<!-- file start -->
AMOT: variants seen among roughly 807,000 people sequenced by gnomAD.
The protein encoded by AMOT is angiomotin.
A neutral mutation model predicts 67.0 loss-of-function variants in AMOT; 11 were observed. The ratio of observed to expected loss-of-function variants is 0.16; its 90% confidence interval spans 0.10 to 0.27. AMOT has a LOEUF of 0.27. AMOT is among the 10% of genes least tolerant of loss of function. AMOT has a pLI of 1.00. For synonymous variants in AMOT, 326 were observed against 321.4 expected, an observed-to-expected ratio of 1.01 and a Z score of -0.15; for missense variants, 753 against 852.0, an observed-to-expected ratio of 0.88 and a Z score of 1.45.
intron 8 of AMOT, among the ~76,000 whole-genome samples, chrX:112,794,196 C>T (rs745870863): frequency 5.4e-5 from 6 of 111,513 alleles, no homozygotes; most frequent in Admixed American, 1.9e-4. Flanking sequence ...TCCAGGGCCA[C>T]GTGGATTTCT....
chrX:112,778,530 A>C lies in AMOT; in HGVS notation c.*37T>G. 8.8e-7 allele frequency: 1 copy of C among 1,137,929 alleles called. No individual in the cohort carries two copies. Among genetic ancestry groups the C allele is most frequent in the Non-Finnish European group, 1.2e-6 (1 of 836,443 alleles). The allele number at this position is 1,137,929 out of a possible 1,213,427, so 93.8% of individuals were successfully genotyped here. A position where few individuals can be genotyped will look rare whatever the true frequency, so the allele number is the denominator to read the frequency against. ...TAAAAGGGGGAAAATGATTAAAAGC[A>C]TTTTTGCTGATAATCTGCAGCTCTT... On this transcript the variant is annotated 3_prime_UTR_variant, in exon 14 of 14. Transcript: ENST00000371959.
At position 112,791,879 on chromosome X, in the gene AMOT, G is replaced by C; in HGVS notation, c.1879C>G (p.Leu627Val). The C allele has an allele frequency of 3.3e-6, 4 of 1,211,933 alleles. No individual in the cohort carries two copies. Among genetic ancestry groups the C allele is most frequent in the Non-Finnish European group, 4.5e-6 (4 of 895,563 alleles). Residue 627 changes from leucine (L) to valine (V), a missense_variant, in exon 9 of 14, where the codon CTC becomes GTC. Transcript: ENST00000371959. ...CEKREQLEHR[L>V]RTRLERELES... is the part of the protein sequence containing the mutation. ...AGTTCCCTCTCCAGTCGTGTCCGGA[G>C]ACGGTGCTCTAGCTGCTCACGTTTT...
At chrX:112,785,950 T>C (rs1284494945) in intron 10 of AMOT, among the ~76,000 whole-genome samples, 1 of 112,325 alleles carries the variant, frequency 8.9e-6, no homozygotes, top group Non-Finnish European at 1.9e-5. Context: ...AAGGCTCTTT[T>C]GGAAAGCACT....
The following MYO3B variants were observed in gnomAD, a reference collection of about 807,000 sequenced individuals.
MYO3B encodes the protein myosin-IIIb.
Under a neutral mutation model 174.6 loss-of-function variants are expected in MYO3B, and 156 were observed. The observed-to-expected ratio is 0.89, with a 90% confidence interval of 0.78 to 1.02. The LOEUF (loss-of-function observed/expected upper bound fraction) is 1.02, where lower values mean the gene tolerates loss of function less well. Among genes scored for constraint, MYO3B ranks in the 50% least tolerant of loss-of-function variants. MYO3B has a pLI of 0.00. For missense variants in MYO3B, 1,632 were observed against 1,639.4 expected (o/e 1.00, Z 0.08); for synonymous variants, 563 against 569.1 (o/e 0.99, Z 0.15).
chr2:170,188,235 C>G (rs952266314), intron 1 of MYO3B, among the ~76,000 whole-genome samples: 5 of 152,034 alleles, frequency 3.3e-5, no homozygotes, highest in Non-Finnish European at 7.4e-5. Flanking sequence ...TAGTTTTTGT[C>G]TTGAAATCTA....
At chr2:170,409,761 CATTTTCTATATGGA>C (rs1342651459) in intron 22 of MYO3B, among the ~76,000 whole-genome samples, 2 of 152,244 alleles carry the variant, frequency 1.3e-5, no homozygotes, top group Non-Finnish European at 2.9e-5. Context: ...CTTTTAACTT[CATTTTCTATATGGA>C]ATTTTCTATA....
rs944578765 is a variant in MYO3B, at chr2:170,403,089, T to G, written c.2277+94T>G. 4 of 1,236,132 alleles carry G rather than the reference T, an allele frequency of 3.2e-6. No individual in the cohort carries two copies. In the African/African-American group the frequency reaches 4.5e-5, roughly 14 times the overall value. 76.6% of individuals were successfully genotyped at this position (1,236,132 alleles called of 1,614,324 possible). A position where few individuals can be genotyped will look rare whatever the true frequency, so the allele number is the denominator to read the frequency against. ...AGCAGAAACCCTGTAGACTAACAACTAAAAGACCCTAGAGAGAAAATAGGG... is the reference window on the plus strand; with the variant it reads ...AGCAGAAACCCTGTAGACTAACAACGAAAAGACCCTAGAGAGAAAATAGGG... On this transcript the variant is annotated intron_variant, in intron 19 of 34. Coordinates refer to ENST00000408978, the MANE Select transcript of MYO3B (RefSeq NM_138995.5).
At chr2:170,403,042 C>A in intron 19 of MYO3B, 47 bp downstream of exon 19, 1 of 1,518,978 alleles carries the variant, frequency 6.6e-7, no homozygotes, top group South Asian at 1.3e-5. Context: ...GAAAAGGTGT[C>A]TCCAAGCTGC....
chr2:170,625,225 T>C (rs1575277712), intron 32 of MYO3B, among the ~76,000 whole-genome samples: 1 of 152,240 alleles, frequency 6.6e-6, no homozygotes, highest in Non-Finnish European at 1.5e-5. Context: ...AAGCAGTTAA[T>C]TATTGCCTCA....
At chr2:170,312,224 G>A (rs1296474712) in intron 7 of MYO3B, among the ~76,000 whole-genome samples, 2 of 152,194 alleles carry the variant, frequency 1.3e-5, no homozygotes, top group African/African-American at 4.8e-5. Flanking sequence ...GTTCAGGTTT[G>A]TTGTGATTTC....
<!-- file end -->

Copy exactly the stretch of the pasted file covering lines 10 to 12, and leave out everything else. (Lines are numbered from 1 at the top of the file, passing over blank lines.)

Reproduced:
Under a neutral mutation model 174.6 loss-of-function variants are expected in MYO3B, and 156 were observed. The observed-to-expected ratio is 0.89, with a 90% confidence interval of 0.78 to 1.02. The LOEUF (loss-of-function observed/expected upper bound fraction) is 1.02, where lower values mean the gene tolerates loss of function less well. Among genes scored for constraint, MYO3B ranks in the 50% least tolerant of loss-of-function variants. MYO3B has a pLI of 0.00. For missense variants in MYO3B, 1,632 were observed against 1,639.4 expected (o/e 1.00, Z 0.08); for synonymous variants, 563 against 569.1 (o/e 0.99, Z 0.15).
chr2:170,188,235 C>G (rs952266314), intron 1 of MYO3B, among the ~76,000 whole-genome samples: 5 of 152,034 alleles, frequency 3.3e-5, no homozygotes, highest in Non-Finnish European at 7.4e-5. Flanking sequence ...TAGTTTTTGT[C>G]TTGAAATCTA....
At chr2:170,409,761 CATTTTCTATATGGA>C (rs1342651459) in intron 22 of MYO3B, among the ~76,000 whole-genome samples, 2 of 152,244 alleles carry the variant, frequency 1.3e-5, no homozygotes, top group Non-Finnish European at 2.9e-5. Context: ...CTTTTAACTT[CATTTTCTATATGGA>C]ATTTTCTATA....